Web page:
• 2017

    (Completed) Commits to move to a 100% zero-emissions bus fleet powered by renewable energy.
  • 2018-2019

    (Completed) Leases and tests 10 battery-electric buses from three manufacturers.
  • 2021

    (Completed) Metro orders 40 battery-electric buses with a 140-mile range for service out of South Base.
  • 2022

    (Current) Metro commissions a charging test facility at South Base serving the new 40 bus fleet using equipment from three different manufacturers.
  • 2024

    Metro plans to order 120 battery-electric buses.
  • 2025

    Metro plans to open Interim Base at South Campus, fully electrified to operate a 120 bus fleet.
  • 2027

    Opens a new South Annex Base, fully electrified to operate an additional 250 battery-electric bus purchase.
  • 2028-2035

    Construct charging infrastructure at six bases and across system for on route layover. Replace the remaining hybrid bus fleet.
  • 2035

    Metro's goal for operating a 100% zero-emissions fleet of fixed-route buses.


A zero-emissions fleet benefits the community, riders and employees by eliminating greenhouse gas emissions and improving the quality of our air. Additionally, the program aligns with broader King County equity and social justice goals around the Strategic Climate Action Plan.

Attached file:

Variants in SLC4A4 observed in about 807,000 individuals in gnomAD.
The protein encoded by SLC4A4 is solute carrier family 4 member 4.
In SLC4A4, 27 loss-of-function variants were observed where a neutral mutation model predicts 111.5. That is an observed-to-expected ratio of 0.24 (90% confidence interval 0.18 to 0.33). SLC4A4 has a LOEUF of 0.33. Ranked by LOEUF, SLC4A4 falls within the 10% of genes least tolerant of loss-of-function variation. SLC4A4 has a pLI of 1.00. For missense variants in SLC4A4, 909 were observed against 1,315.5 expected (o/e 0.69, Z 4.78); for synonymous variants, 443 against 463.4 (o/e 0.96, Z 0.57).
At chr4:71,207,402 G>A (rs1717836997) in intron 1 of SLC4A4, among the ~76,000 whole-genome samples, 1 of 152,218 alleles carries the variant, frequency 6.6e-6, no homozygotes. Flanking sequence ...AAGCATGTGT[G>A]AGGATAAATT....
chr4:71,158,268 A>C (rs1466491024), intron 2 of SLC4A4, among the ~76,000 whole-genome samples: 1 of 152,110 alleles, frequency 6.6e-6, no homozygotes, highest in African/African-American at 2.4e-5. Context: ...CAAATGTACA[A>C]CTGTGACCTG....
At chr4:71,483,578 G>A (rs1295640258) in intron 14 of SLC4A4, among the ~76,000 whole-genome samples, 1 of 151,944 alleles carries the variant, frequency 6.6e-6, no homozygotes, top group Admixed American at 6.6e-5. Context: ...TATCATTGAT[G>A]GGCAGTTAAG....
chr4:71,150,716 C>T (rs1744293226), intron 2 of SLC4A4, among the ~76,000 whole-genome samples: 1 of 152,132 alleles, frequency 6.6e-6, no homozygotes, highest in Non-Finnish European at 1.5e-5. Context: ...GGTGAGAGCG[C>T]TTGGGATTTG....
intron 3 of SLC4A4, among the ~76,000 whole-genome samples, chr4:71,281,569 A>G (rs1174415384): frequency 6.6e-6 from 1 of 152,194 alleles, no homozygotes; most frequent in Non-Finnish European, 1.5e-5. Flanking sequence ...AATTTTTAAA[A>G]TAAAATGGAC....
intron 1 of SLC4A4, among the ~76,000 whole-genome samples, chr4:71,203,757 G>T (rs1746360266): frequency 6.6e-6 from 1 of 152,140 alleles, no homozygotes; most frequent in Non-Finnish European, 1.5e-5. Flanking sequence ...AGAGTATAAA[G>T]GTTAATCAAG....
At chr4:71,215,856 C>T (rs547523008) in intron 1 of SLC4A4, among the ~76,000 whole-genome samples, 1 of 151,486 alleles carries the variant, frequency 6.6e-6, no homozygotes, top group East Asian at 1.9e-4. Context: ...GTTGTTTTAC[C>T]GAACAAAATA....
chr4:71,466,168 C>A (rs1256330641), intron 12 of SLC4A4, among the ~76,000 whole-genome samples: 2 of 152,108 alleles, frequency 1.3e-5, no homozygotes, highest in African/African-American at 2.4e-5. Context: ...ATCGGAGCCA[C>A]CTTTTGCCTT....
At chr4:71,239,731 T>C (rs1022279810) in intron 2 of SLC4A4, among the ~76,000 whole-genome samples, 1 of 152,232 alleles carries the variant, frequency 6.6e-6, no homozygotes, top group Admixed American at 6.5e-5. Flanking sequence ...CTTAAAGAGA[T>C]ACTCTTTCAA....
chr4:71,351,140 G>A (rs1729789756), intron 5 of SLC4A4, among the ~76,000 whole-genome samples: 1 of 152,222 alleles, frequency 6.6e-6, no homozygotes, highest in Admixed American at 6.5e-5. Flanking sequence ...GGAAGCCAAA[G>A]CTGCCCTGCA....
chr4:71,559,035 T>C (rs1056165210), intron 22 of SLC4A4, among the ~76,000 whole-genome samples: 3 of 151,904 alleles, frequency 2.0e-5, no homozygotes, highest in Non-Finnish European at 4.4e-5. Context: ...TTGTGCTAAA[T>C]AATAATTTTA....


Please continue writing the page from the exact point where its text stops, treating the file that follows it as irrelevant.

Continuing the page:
Metro operates a fleet of over 1,400 buses. Currently, there are 185 zero-emissions buses, which includes 174 electric trolley buses that use overhead wiresand 11 (40-foot) battery-electric buses with charging stations at the Bellevue Base and Eastgate Park-and-Ride.

In 2022, an additional 40 battery-electric coaches are set to start arriving to join the Metro fleet. Produced by New Flyer, both the 60-foot and 40-foot vehicles can travel 140 miles on a full charge, tested to carry a full passenger load.

There are two main types of charging methods: fast charging and slow charging. Fast charging, also referred to as in-route or opportunity charging, allows buses to be charged in minutes between routes and before returning to the base. Slow charging, also referred to as overnight charging, is longer and takes place at bases with charging infrastructure.

Metro is celebrating the opening of a battery-electric charging location in Tukwila that will be the initial home of our battery-electric coaches.

Metro joined only a handful of large transit agencies in the U.S. that have a fleet that does not include fully-diesel coaches with the retirement of the last diesel-only coaches in 2020.